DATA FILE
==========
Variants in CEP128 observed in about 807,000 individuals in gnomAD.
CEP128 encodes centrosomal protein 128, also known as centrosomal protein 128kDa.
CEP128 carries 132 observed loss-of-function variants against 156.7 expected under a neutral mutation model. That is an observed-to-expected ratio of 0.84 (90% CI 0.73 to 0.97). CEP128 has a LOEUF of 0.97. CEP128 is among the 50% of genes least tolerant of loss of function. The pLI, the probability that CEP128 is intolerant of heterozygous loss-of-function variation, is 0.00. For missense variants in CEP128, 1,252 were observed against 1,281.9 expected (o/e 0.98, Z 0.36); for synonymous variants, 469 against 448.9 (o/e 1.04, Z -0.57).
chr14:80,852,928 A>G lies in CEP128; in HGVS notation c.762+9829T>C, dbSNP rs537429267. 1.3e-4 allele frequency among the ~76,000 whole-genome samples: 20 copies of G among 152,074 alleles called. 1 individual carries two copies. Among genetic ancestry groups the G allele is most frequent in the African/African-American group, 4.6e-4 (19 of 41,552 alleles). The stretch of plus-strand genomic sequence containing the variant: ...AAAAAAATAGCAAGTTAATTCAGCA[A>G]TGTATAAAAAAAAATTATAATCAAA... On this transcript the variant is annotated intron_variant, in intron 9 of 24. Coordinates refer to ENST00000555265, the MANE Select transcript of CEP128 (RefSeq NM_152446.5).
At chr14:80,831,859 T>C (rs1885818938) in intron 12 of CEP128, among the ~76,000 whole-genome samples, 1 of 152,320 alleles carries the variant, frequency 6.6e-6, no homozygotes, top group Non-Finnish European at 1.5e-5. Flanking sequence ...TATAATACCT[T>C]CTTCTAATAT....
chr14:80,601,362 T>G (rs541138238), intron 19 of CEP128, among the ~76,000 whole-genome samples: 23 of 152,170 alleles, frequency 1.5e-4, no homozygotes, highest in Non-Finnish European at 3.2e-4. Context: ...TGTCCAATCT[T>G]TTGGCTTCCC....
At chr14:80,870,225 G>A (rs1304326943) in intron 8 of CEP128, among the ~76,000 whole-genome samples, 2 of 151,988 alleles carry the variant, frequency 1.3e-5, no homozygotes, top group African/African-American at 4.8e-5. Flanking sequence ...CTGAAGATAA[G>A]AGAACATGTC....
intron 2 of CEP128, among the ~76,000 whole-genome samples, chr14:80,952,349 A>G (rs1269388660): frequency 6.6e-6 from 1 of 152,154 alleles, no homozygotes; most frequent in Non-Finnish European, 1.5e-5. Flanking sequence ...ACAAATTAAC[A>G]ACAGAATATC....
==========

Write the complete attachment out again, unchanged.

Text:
Variants in CEP128 observed in about 807,000 individuals in gnomAD.
CEP128 encodes centrosomal protein 128, also known as centrosomal protein 128kDa.
CEP128 carries 132 observed loss-of-function variants against 156.7 expected under a neutral mutation model. That is an observed-to-expected ratio of 0.84 (90% CI 0.73 to 0.97). CEP128 has a LOEUF of 0.97. CEP128 is among the 50% of genes least tolerant of loss of function. The pLI, the probability that CEP128 is intolerant of heterozygous loss-of-function variation, is 0.00. For missense variants in CEP128, 1,252 were observed against 1,281.9 expected (o/e 0.98, Z 0.36); for synonymous variants, 469 against 448.9 (o/e 1.04, Z -0.57).
chr14:80,852,928 A>G lies in CEP128; in HGVS notation c.762+9829T>C, dbSNP rs537429267. 1.3e-4 allele frequency among the ~76,000 whole-genome samples: 20 copies of G among 152,074 alleles called. 1 individual carries two copies. Among genetic ancestry groups the G allele is most frequent in the African/African-American group, 4.6e-4 (19 of 41,552 alleles). The stretch of plus-strand genomic sequence containing the variant: ...AAAAAAATAGCAAGTTAATTCAGCA[A>G]TGTATAAAAAAAAATTATAATCAAA... On this transcript the variant is annotated intron_variant, in intron 9 of 24. Coordinates refer to ENST00000555265, the MANE Select transcript of CEP128 (RefSeq NM_152446.5).
At chr14:80,831,859 T>C (rs1885818938) in intron 12 of CEP128, among the ~76,000 whole-genome samples, 1 of 152,320 alleles carries the variant, frequency 6.6e-6, no homozygotes, top group Non-Finnish European at 1.5e-5. Flanking sequence ...TATAATACCT[T>C]CTTCTAATAT....
chr14:80,601,362 T>G (rs541138238), intron 19 of CEP128, among the ~76,000 whole-genome samples: 23 of 152,170 alleles, frequency 1.5e-4, no homozygotes, highest in Non-Finnish European at 3.2e-4. Context: ...TGTCCAATCT[T>G]TTGGCTTCCC....
At chr14:80,870,225 G>A (rs1304326943) in intron 8 of CEP128, among the ~76,000 whole-genome samples, 2 of 151,988 alleles carry the variant, frequency 1.3e-5, no homozygotes, top group African/African-American at 4.8e-5. Flanking sequence ...CTGAAGATAA[G>A]AGAACATGTC....
intron 2 of CEP128, among the ~76,000 whole-genome samples, chr14:80,952,349 A>G (rs1269388660): frequency 6.6e-6 from 1 of 152,154 alleles, no homozygotes; most frequent in Non-Finnish European, 1.5e-5. Flanking sequence ...ACAAATTAAC[A>G]ACAGAATATC....